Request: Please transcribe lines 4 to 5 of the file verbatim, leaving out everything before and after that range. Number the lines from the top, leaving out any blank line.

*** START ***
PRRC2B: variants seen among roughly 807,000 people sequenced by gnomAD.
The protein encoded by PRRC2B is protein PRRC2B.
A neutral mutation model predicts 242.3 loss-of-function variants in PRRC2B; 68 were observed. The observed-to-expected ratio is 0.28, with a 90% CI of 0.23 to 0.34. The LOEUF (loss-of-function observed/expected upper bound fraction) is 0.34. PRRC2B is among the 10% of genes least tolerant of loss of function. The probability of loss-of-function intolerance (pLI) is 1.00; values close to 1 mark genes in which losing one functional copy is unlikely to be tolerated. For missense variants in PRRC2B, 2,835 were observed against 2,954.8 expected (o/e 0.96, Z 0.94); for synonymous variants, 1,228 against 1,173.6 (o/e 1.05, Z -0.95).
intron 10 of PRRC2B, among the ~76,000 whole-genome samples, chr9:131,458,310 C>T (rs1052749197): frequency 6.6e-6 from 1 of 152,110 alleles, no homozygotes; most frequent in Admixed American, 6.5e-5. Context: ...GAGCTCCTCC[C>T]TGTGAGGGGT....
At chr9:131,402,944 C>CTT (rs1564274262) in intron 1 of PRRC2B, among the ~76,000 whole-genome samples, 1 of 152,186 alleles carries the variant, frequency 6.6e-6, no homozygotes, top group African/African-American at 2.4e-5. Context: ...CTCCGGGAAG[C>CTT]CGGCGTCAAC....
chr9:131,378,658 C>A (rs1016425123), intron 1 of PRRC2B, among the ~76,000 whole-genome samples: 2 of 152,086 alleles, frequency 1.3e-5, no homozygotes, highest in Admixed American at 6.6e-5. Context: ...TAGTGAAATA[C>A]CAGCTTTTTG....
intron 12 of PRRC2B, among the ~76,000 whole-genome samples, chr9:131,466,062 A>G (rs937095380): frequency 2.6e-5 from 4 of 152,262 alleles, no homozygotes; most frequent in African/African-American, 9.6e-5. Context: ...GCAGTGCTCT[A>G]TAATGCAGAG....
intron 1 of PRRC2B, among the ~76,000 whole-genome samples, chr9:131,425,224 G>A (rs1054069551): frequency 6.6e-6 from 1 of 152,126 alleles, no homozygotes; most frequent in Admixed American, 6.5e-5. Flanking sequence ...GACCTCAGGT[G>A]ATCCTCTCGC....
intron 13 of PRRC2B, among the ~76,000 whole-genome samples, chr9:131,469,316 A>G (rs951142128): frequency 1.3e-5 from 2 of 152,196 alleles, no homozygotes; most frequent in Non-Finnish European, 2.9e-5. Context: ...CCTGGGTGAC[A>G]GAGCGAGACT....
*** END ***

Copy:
intron 10 of PRRC2B, among the ~76,000 whole-genome samples, chr9:131,458,310 C>T (rs1052749197): frequency 6.6e-6 from 1 of 152,110 alleles, no homozygotes; most frequent in Admixed American, 6.5e-5. Context: ...GAGCTCCTCC[C>T]TGTGAGGGGT....
At chr9:131,402,944 C>CTT (rs1564274262) in intron 1 of PRRC2B, among the ~76,000 whole-genome samples, 1 of 152,186 alleles carries the variant, frequency 6.6e-6, no homozygotes, top group African/African-American at 2.4e-5. Context: ...CTCCGGGAAG[C>CTT]CGGCGTCAAC....